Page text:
Photographs taken 2004
This is a very old neolithic burial chamber, that dates from somewhere between 4,000 BC and 3,000 BC during the Neolithic Age, and is over 5,000 years old. Trethevy Quoit can be found not far from St.Cleer, and is situated in a field above Tremar Coombe, that can either be approached along a bridleway from Tremar (very muddy if wet!), or more easily from the other end of the bridleway, by the triangle in the road at the little hamlet of Trethevy, near Trethevy Farm.
The chamber itself was probably a sacred site, and used as a communal tomb for the bones of the dead in the surrounding area, and would originally have been covered by an earth mound. There are subtle remains of this mound, or at least evidence for it, from the few stones placed around the chamber, and the slight mound that it still sits on. Trethevy is one of the best preserved chambers in the country of its type.
Looking up at Trethevy Quoit - the eye in the top stone may have been put there for when the chamber was originally constructed (this however still remains a theory), to help lift and haul the stone into position - no mean feat of engineering at the time. The top cap stone is also at a considerably greater angle than it would have been originally, as the western-most (lower end) support stone has collapsed inside, at some time in the past.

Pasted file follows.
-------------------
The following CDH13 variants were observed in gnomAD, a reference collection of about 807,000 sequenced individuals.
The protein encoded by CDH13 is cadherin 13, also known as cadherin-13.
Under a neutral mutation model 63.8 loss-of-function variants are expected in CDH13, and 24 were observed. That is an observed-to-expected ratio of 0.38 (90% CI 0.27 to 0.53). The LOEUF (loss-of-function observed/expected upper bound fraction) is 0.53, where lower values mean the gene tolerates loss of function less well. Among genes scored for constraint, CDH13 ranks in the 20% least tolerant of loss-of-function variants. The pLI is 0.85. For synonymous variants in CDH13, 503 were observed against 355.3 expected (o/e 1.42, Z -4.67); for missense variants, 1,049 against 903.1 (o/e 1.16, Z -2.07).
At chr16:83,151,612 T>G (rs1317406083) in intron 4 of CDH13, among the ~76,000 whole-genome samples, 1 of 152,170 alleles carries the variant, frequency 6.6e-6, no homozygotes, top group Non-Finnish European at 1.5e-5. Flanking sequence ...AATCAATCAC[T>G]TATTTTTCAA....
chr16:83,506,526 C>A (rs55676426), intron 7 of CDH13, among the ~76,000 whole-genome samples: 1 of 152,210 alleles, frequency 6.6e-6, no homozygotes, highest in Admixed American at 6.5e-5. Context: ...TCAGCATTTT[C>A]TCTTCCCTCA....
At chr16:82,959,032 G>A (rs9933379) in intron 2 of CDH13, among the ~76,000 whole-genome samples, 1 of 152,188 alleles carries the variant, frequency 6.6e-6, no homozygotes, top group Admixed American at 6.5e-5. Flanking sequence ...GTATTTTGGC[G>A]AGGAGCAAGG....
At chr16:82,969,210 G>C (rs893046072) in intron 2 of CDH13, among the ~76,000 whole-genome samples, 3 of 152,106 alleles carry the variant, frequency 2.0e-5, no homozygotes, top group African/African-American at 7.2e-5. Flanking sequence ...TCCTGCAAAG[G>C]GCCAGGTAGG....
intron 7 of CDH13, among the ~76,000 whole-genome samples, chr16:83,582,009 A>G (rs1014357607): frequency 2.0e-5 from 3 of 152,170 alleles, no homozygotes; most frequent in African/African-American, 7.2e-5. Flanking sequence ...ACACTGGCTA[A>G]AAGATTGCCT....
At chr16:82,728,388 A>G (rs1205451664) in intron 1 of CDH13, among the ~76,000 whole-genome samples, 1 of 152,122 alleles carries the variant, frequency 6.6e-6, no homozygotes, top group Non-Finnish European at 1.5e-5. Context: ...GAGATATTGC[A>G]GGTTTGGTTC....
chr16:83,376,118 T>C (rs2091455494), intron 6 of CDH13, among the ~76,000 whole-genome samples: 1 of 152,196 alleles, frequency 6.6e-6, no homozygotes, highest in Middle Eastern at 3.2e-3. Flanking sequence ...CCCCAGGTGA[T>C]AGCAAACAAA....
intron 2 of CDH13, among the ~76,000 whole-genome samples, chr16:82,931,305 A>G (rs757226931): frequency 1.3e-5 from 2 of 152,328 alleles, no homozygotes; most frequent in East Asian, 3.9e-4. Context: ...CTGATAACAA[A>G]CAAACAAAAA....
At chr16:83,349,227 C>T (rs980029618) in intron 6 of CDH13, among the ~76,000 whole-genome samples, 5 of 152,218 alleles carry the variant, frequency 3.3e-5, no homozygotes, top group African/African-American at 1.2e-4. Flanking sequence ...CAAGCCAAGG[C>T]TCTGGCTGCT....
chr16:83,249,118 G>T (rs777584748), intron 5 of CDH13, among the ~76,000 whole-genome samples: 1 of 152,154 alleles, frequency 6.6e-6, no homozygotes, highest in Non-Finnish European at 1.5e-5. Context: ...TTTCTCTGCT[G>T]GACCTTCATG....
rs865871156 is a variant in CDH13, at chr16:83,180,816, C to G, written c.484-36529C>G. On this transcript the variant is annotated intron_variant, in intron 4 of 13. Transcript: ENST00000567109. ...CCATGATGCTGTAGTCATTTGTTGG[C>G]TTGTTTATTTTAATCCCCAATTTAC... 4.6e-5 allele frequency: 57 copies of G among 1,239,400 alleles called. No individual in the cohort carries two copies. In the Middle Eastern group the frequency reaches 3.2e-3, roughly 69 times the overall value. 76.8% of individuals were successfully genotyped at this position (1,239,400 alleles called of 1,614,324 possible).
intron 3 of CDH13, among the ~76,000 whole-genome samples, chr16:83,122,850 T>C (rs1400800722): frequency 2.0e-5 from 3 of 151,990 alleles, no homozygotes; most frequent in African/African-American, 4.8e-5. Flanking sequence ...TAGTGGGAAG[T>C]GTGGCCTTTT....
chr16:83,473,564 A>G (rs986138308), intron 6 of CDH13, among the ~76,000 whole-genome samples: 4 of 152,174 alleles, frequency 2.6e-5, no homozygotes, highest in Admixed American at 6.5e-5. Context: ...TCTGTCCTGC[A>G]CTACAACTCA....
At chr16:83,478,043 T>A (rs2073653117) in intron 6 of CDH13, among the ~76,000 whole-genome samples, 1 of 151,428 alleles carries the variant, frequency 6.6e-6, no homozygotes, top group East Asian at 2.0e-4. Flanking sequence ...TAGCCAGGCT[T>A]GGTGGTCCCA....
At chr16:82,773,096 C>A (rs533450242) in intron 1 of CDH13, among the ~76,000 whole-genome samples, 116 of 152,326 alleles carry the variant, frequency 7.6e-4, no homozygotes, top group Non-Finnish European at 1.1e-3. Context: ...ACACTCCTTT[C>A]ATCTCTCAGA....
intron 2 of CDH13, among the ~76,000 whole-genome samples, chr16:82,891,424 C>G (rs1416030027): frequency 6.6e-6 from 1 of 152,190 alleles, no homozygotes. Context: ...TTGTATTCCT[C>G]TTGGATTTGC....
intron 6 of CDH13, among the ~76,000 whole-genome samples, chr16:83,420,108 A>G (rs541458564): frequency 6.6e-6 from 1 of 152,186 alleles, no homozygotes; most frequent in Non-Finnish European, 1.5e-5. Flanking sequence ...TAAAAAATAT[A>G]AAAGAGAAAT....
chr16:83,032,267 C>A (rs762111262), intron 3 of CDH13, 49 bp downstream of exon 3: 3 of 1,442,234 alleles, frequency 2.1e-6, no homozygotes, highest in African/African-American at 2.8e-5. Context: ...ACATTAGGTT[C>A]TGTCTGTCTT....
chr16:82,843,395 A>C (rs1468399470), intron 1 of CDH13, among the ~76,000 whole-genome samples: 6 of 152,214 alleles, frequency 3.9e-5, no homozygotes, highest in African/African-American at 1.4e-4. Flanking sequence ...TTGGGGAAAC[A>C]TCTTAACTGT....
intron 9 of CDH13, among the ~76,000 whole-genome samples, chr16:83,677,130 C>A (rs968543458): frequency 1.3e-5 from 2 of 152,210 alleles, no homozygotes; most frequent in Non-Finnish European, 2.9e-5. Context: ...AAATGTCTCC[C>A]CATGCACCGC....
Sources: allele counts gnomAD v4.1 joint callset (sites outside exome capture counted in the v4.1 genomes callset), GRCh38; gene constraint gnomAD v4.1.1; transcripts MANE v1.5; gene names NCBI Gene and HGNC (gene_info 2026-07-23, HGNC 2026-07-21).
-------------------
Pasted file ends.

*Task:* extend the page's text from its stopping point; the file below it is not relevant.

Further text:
Another view looking through the stones, and the entrance to the
main chamber can be seen on the left.
Looking through Trethevy Quoit burial chamber
Trethevy Quoit is set very close to the small hamlet of Trethevy, and as such, from one side looks very close to modern habitation, but in the days it was constructed it would have been a prominent feature on the hill. A sense of its location can be seen from the opposite side, but even then, the relatively modern (old!) Cornish hedge would also not have been there.